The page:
Pitches are arranged over two areas, with tree-lined avenues, shrubs and hedging. There are hardstanding pitches with electric available along with full service pitches. Facilities on site include a small shop, unisex shower rooms, separate ladies and gents facilities, a laundry, motorhome service point and a restaurant and bar located on the top floor of a converted honeystone barn.
Bellingham, Hexham, Northumberland NE48 2JY
1 March – 4 January
Bellingham is located in the Northumberland National Park and Northumberland International Dark Sky Park – so it’s a great spot for stargazing as well as walking. Northumberland is home to the majority of the remaining sections of the 73 miles of Hadrian’s Wall and also to five excavated forts, including Housesteads and Vindolanda.
The Pennine Way also passes the site and only a short walk away is the thriving village of Bellingham. You could also take a drive and spend the day at Kielder Water and Forest Park where you can enjoy watersports on Europe’s largest man-made lake and many walks through the vast woodland.
Eastbourne Road, Westham, Pevensey, East Sussex
1 April – 31 October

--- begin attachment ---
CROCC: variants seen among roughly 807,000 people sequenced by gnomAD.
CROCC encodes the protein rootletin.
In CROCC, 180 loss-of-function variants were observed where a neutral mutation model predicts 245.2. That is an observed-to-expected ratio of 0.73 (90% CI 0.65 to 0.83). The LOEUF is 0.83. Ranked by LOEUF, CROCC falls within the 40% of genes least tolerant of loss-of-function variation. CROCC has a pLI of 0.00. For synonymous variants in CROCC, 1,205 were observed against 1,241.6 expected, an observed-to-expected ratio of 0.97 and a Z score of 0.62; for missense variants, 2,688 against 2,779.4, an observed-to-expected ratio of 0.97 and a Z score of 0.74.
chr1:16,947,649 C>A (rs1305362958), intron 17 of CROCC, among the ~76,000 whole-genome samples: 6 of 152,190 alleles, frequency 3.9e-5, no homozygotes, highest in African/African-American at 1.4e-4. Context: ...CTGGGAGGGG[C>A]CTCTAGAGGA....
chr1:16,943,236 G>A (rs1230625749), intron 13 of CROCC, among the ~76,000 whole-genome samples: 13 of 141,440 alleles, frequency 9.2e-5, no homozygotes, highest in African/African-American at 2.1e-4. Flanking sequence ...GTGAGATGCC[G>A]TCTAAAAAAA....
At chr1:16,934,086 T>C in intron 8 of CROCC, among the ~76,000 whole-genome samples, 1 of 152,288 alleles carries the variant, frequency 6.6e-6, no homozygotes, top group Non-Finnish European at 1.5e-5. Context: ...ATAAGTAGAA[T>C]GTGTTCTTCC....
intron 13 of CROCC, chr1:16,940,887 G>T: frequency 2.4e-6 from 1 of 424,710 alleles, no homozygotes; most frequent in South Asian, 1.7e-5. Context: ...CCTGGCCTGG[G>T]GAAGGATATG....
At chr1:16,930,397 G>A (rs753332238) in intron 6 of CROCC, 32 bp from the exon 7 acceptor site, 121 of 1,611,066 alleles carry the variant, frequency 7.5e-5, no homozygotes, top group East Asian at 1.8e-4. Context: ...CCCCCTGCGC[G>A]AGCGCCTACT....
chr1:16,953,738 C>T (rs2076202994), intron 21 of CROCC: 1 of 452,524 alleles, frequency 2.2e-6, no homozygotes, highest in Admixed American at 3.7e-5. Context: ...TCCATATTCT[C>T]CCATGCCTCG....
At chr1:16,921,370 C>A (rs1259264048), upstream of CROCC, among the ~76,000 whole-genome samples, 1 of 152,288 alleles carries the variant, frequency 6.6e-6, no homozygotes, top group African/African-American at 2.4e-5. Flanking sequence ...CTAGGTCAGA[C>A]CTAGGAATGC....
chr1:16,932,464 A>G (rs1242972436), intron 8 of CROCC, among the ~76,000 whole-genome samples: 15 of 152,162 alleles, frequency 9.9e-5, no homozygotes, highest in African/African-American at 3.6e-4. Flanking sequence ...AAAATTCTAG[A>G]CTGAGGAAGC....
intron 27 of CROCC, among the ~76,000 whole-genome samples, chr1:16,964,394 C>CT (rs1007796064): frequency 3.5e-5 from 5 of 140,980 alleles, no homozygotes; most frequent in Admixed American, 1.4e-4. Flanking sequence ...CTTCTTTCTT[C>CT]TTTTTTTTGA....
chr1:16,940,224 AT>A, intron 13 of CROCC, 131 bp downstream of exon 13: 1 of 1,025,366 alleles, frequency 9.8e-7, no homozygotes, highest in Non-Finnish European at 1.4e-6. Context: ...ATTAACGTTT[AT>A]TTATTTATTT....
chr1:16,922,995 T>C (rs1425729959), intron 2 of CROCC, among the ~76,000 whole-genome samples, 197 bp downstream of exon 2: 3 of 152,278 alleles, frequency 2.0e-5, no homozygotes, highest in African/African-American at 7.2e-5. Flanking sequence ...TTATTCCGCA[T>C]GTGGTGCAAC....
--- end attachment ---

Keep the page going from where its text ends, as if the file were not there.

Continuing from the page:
The South Downs Way is a national trail that leads from Winchester to the white chalk cliffs of Eastbourne. The site is four miles north of Eastbourne, but you can easily drive along the coastal road (stopping at one of the many car parks and walking to your heart’s content) towards the National Trust’s Birling Gap. At Birling Gap there is a large car park and a café; from here you can walk all the way along the top of the Seven Sisters cliffs.
Fairfields Farm lies in an area home to many wetland birds and wildlife. Part of a 200-acre working farm with shop, WiFi, toilets, showers and a laundry.
St Davids, Havefordwest, Pembrokeshire SA62 6QT
1 April – 12 November
The world’s first national coastal path – the 870-mile All Wales Coast Path – provides a continuous route around the whole of the country’s coastline. Caerfai Bay campsite sits within the Pembrokeshire Coast National Park and the Pembrokeshire section of the coastal path is adjacent to the site entrance. This provides short walks to Solva or Whitesands or 180 miles for the more serious walker. Bus routes connect various parts of the coastal path, too.